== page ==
Saturday, September 17, 2011

“Intelligent design” creationists never define “intelligence”

Long ago, commenting on a post at Uncommon Descent, I called on William Dembski to explain what intelligence is. He responded with his standard evasion — something like “If SETI is searching for intelligence, then intelligence must have scientific legitimacy.” Unsurprisingly, the “Expelled” expelled me from his site for raising a question he didn’t want to address again.

In ethology and scientific psychology, intelligence is a hypothetical construct, not a physically real entity. You can’t cut open an organism and find intelligence, any more than you can thirst. Studies that address intelligence always define it operationally. Just as the thirst of a rat may be defined as the number of hours it has been deprived of water, the intelligence of a person may be defined as his or her score on a paper-and-pencil test. Although we know that there is a physiological basis for thirst, thirst is itself hypothetical. Similarly, density of neural connections is correlated with performance on “intelligence” tests, but intelligence remains hypothetical.

I’ve spent a fair amount of time perusing SETI documents. The use of “intelligence” is entirely casual. Some in the project have preferred “civilization” to “intelligence.” SETI scientists explicitly assume that ET thinks as they do about how to contact a distant civilization. There’s implicitly an operational definition of intelligence in that.

In contrast, intelligence does some mighty heavy lifting in ID creationism. IDCists believe that non-material intelligence, and nothing else, creates special kinds of physical information. But what is intelligence? Ruling out matter and energy, we’re left apparently with information. So information creates information ex nihilo? That’s a nonstarter. Intelligence must have a special ontological status.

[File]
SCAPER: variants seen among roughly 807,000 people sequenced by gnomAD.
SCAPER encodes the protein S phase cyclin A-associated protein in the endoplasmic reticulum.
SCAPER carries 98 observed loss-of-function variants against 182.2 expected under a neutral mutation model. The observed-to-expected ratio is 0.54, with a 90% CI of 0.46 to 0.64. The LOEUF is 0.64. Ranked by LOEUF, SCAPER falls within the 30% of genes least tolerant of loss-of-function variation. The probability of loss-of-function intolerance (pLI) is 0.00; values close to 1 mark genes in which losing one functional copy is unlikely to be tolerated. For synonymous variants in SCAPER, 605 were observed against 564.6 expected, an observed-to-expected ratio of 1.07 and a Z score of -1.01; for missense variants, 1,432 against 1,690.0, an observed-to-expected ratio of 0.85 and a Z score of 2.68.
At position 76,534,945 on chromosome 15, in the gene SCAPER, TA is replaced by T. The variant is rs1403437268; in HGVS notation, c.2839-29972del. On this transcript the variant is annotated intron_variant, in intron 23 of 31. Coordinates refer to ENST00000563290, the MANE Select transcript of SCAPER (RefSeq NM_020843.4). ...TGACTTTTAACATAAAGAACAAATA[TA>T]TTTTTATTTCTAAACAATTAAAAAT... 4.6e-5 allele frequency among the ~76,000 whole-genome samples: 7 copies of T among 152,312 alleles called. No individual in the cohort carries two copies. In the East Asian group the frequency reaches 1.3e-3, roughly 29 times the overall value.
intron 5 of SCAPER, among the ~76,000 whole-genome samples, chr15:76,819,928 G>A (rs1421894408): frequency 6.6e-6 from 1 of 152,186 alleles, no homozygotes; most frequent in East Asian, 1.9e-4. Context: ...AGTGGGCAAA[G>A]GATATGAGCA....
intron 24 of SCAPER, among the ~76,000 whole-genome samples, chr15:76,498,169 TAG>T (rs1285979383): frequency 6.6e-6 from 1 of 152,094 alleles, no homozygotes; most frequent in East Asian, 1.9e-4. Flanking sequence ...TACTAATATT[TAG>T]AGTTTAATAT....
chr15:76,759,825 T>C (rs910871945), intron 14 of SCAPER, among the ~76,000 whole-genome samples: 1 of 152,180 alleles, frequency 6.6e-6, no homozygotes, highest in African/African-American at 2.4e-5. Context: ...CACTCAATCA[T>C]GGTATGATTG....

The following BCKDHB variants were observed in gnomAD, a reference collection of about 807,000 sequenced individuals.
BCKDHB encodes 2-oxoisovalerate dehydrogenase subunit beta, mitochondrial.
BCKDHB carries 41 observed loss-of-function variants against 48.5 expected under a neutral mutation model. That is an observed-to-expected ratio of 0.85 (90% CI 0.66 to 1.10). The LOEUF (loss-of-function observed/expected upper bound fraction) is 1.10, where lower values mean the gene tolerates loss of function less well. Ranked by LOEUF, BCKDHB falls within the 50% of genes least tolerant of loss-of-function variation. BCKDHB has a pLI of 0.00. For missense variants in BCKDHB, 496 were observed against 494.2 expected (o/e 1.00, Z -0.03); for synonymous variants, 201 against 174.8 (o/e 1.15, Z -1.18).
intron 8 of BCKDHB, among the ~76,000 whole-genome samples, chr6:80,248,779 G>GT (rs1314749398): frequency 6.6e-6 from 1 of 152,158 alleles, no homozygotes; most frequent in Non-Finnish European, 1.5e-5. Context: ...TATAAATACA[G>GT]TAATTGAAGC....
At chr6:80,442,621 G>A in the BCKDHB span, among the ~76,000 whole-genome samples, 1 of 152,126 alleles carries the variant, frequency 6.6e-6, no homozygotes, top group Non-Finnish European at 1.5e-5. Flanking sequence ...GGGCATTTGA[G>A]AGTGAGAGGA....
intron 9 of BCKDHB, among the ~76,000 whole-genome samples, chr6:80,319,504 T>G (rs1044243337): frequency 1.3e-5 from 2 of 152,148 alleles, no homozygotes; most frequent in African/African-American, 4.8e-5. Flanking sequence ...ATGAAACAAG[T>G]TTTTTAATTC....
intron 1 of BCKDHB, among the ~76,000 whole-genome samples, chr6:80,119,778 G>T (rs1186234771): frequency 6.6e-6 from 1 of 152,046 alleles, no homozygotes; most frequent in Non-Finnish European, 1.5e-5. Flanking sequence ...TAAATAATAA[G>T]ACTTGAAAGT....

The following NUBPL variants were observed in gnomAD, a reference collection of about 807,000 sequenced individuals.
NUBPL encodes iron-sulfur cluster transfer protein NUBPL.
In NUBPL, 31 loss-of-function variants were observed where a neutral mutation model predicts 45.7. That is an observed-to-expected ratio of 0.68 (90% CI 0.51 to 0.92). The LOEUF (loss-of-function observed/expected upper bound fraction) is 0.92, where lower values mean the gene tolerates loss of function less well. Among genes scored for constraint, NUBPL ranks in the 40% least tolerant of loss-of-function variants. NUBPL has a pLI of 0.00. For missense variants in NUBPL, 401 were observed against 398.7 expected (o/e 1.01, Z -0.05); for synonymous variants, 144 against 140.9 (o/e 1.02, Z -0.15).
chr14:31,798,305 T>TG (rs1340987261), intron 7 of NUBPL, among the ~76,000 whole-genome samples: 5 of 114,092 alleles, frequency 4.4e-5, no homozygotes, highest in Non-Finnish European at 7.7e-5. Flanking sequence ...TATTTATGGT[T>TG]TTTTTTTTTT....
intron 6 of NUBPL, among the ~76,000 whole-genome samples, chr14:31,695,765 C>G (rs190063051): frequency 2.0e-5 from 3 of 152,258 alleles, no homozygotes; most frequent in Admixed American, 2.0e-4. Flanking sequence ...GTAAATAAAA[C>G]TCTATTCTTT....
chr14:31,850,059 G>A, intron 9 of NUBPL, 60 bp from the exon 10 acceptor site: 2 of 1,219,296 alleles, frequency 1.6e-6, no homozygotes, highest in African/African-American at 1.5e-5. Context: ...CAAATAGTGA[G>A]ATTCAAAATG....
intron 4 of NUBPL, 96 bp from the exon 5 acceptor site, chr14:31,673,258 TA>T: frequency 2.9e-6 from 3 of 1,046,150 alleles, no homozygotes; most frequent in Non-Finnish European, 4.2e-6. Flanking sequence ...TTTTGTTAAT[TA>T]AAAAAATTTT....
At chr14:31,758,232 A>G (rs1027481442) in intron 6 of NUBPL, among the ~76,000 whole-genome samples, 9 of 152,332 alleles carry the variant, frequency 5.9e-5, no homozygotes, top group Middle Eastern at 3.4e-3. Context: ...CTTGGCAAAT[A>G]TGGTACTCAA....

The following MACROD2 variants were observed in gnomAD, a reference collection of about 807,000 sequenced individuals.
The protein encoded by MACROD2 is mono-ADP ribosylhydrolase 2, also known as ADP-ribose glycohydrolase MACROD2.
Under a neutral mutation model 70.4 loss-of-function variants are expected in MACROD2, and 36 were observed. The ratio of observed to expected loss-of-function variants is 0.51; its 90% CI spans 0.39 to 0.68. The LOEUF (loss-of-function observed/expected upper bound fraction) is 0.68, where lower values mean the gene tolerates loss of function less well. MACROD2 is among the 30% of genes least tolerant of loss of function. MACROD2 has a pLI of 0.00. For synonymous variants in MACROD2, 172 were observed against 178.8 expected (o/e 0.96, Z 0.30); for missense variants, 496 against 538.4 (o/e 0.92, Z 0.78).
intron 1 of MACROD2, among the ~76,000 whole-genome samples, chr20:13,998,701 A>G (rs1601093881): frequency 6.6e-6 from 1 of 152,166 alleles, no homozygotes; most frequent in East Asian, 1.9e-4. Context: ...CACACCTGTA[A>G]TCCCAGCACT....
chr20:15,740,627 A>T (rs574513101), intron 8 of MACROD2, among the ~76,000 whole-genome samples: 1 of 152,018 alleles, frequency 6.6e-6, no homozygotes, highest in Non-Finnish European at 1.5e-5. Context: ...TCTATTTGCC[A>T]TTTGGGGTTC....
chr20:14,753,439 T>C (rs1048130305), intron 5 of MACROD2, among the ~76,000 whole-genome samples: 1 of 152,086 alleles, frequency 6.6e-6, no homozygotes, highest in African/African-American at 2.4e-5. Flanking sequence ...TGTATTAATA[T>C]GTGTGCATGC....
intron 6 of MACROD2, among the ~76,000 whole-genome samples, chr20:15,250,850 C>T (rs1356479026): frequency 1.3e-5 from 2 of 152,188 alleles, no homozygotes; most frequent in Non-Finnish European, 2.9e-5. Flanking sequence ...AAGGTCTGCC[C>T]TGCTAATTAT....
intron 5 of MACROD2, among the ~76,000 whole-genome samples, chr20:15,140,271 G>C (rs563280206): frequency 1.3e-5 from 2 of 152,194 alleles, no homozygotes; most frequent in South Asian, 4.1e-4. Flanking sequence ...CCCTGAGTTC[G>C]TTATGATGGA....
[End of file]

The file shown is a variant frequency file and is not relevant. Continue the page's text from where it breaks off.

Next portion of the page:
Gee, what could this entity that creates physical stuff out of nothing be? Do you suppose that IDCists believe that creative intelligence is spiritual in essence? There is, of course, no way for it to be anything but in the belief systems of almost all of them. Far be it from me to criticize personal belief in creative intelligence. But I have huge problems with people who pretend to have raised a challenge to evolutionary theory that is scientific, when they know that it is at core spiritual.

Monday, September 12, 2011

Impugning randomness convincingly?

I haven’t finished reading “Impugning Randomness, Convincingly” [pdf], by Yuri Gurevich and Grant Olney Passmore, but I’ll go ahead and share its remarks about our old pal William A. Dembski:

The idea that specified events of small probability do not happen seems to be fundamental to our human experience. And it has been much discussed, applied and misapplied. We don’t — and couldn’t — survey here the ocean of related literature. In §2 we gave already quite a number of references in support of Cournot’s principle. On the topic of misapplication of Cournot’s principle, let us now turn to the work of William Dembski. Dembski is an intelligent design theorist who has written at least two books, that are influential in creationist circles, on applications of “The Law of Small Probability” to proving intelligent design [TDI, NFL].